African B2B e-commerce is a terrible business. But a fantastic Trojan Horse.
By Ismael Belkhayat
About this op-ed’s author:
Chari was the first Moroccan startup to get into Y-Combinator and is active in three African countries (Morocco, Tunisia, and Ivory Coast). Prior to Chari, Ismael founded three other companies: Wib.co, VotreChauffeur.ma, and Sarouty.ma.
He also spent three years as a consultant at the Boston Consulting Group.
Ismael holds a degree from Cornell University.
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Digitally equipping Africa’s ubiquitous mom-and-pop convenience stores is a great pitch. The problem statement is clear: these stores’ operations are antiquated and analog, which damages their bottom line. The proposed solution is elegant: leveraging smartphones, arm store owners with digital tools to facilitate logistics and procurements, thereby boosting their revenues.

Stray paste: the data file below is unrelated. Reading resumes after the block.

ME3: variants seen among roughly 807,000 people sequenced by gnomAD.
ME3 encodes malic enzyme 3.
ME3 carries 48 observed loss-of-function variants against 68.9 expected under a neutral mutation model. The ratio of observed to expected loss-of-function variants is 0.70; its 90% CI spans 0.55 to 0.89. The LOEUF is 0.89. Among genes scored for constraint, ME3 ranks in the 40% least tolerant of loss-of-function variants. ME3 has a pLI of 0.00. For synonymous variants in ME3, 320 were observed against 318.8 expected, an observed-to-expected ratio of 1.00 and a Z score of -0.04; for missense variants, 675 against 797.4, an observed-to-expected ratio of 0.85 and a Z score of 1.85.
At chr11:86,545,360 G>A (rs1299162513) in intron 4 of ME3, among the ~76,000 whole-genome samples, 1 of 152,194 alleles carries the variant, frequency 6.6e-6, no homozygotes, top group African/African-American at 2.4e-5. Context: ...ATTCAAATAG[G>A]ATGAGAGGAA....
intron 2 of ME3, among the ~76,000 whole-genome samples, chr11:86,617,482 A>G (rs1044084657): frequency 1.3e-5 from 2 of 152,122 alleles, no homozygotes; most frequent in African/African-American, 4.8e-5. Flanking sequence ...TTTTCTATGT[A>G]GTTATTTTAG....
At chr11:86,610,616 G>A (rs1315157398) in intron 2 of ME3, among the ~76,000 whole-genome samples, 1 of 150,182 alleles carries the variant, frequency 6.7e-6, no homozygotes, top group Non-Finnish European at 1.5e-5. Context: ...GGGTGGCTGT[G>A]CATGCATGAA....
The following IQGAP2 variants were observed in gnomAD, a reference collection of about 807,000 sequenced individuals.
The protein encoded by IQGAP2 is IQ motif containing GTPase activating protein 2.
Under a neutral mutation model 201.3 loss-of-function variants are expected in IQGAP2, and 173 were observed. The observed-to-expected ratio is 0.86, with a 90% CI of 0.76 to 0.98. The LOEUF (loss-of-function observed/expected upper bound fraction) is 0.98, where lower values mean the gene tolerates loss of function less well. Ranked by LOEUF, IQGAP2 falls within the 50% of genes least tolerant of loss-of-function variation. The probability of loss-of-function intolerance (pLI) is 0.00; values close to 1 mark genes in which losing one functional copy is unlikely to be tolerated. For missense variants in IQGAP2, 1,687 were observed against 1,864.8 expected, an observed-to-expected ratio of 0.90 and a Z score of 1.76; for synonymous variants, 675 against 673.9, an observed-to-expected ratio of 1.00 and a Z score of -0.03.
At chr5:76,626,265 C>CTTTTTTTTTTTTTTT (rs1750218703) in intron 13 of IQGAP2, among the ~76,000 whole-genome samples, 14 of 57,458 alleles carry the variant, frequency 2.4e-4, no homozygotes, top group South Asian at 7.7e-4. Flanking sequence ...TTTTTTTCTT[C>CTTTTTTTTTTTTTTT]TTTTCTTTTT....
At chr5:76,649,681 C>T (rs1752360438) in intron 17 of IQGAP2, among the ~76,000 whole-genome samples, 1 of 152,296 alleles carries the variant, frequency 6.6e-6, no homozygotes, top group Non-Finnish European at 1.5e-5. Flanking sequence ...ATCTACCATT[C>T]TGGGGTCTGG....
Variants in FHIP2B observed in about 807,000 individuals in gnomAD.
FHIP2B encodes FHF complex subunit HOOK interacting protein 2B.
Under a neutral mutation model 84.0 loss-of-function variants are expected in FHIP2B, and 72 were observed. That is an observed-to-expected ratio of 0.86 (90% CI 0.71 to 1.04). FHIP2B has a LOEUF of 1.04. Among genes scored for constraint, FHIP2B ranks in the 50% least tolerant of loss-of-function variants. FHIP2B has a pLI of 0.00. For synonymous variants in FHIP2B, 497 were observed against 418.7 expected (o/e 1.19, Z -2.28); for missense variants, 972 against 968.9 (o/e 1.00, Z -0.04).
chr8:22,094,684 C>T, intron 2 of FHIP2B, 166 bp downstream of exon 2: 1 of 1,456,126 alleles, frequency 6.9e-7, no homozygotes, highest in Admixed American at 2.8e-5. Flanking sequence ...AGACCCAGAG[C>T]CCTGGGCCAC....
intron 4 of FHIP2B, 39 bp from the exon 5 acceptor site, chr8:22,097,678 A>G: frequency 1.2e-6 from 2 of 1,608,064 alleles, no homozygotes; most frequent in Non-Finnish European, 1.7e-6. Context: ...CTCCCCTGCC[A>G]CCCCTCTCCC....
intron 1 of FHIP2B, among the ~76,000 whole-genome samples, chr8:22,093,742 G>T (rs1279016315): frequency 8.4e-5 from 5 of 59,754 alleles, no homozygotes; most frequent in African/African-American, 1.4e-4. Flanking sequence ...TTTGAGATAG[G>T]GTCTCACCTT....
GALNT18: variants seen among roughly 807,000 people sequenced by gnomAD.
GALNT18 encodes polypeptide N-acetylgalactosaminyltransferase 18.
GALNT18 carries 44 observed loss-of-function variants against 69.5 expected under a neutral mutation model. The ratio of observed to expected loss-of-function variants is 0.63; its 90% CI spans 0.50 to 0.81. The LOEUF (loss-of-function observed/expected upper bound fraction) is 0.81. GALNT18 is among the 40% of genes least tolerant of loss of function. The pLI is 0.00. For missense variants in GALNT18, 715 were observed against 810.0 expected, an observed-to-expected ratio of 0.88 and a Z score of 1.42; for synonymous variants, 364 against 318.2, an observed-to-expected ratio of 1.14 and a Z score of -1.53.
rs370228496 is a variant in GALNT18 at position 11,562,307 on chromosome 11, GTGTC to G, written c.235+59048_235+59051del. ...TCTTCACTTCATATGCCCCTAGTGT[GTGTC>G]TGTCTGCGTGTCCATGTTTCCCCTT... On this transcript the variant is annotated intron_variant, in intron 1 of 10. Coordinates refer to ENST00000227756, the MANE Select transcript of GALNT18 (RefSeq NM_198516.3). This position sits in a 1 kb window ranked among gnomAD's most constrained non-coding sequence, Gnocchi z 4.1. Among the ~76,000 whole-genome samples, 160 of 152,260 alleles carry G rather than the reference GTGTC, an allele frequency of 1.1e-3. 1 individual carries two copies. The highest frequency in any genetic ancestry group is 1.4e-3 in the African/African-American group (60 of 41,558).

This overarching thesis has convinced the continent’s founders and investors alike: startups digitizing Africa’s small convenience stores have sprouted profusely, from Morocco to Kenya. Wasoko, MaxAB, Omnibiz, TradeDepot, Chari… the list goes on.
These companies have raised significant levels of funding because the thesis’ pertinence translates into encouraging, top-line growth. It is, indeed, more efficient for store owners to order their products from their smartphones rather than make frequent trips to various wholesalers.
At the height of the VC funding boom, a good thesis and promising growth were enough to raise. But as VC dollars grew frisky and investors regained interest in coherent unit economics, these startups were faced with a reckoning. Unfortunately, the tiny margins yielded by store owners ordering shampoo and snacks on one’s app weren’t enough to build a large, venture-scalable business.